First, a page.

HI,
I think mark is correct with his seperation.
I think the basic idea in all derivative pricing is the risk free interest
rate which is choosen as the martingale due to its convenience in
mathematical ways.
Therefore it doesnt matter which maturity you have if you use derivatives
formulas like prices for caplets you "always" use a riskfree rate in the
formula.
(There are measure changes to get somewhere so please dont take the
"always" too literally :)).
The 3M libor/euribor is only taken as the riskfree rate since it is the
shortest maturity actively handeled and at which no "market misbehaviour"
occure as in the overnight rate.
If you look at the detailed derivation of Blacks formula for caplets for
T1-T2 (for example see Brigo & Mercurio "Interest Rate Models - Theory and
Practice p.200-202) you see that it starts out with E[F_2(T1)-X)]+ (the
plus indicating only positive values) under the measure Q^2 (so not in the
real world).
Basically put very not mathematically:
In derivatives pricings you use an coordinate system where the
x-Axis is not the regular x-Axis, but the riskfree rate of return.
Therefore you always use that one, and the maturity of an
instrument is only introduced by other variables.
Best Regards
Matthias
Von:
markleeds@verizon.net
An:
bogaso.christofer@gmail.com
Kopie:
r-sig-finance@stat.math.ethz.ch
Datum:
01.06.2009 20:29
Betreff:
Re: [R-SIG-Finance] [R-sig-finance] Newbie question on risk free
Interest Rate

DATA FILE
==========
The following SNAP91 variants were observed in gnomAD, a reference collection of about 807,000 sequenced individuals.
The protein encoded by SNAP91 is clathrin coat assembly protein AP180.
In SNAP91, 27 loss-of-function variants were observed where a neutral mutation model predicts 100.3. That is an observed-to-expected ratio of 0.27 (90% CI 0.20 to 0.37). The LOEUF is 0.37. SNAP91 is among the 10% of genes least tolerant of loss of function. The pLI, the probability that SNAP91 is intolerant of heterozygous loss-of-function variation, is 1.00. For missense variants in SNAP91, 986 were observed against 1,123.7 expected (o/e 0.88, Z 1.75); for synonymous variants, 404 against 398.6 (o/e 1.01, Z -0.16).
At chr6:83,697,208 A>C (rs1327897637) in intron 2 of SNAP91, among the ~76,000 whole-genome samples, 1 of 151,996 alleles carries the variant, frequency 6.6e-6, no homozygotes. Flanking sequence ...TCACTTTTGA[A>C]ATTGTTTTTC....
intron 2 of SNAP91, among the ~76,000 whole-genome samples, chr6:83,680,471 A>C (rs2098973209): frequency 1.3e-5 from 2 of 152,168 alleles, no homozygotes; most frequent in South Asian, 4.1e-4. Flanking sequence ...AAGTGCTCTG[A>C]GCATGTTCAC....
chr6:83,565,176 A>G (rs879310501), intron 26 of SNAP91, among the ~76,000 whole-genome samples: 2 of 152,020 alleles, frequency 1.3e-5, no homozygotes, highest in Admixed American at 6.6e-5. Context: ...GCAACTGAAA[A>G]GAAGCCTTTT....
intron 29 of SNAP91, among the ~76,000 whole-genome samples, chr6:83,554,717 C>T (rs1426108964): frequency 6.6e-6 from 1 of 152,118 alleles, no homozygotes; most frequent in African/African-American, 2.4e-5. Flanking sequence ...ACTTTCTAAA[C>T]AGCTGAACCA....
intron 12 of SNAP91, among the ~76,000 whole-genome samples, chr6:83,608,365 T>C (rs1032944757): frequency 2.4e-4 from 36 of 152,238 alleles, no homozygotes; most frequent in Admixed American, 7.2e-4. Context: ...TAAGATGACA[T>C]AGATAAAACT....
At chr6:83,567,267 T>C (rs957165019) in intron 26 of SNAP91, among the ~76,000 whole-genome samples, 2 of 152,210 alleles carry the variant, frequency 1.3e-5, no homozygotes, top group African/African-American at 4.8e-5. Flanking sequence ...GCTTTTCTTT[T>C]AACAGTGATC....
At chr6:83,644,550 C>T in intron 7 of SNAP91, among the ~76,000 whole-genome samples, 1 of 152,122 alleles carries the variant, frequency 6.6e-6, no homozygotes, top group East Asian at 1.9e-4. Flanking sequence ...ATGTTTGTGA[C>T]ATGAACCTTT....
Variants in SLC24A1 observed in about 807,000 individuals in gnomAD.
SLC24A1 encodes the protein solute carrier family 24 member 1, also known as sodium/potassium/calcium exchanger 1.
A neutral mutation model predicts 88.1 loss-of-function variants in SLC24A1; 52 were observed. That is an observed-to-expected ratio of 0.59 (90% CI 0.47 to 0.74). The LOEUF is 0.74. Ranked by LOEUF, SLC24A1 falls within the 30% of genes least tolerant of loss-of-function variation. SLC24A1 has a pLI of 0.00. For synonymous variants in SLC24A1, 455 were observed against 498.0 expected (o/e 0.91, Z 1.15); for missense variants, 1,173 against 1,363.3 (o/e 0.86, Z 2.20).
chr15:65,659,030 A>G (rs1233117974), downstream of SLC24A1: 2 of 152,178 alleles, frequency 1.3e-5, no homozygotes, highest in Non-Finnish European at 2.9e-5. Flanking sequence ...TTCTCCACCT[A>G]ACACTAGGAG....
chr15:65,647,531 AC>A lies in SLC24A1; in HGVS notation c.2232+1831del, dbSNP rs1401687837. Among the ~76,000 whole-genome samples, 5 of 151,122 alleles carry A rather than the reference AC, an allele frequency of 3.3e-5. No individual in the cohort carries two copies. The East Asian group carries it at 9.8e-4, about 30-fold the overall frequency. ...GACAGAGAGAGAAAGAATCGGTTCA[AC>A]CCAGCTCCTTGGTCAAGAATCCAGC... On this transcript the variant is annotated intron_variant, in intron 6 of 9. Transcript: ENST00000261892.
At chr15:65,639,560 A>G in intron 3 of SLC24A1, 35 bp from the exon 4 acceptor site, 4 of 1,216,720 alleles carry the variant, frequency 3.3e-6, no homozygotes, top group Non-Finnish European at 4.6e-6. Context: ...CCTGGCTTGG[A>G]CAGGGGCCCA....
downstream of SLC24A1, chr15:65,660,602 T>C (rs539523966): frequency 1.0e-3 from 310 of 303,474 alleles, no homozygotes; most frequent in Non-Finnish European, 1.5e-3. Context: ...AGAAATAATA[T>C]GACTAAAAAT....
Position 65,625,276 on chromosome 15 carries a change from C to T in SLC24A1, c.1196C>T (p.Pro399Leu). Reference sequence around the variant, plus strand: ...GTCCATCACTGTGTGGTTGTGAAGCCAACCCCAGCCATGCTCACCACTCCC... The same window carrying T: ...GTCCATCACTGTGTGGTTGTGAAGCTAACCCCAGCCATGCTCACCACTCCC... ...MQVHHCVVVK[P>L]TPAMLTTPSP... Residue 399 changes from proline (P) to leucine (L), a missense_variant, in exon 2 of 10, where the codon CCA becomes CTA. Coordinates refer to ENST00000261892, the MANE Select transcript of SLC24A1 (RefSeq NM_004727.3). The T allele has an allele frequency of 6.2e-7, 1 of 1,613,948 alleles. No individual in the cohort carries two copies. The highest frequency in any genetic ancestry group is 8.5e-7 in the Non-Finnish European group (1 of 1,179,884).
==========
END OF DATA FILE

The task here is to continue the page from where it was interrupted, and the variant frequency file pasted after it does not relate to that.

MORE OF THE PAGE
Gesendet von:
r-sig-finance-bounces@stat.math.ethz.ch
Hi: When you say the 'black" formula, I think you might be talking about
the martingale valuation approach as opposed to the replication approach
? if that's the case, then what changes in the expectation ( in the
martingale approach ) is the distribution of how the price evolves under
the risk neutral probability distribution. i.e: the distribution that
makes the price a martingale .
this doesn't have anything to do with the factor that you discount with to
get the present value. as long as the r that you discount back with is
the same r that you take the expectation of P with respect to, then r can
be anything you want. they use r but it's just a parameter . in fact, for
me , using r confuses the derivation. i just think of r as the parameter
in the transformed diffusion that makes S a martingale . in the continous
hedging derivation, the r
that they used to hedge ends up being the same as the "risk free r" in the
martingale derivation because in the
hedging derivation they hedge the stock process to create a risk free
portfolio and end up with the differential
equation whose solution is BS.
someone on this list that deals with options more than me , please feel
free to correct me on this or say more because it's been a long time
since i looked at this material and my memory/thinking could be wrong. I
just replied because this is the second time I saw this question and I
didn't see a reply.
On Jun 1, 2009, Bogaso wrote:
any view pls?
Bogaso wrote:
>
> Hi, I have come across one more question. I understood that for BS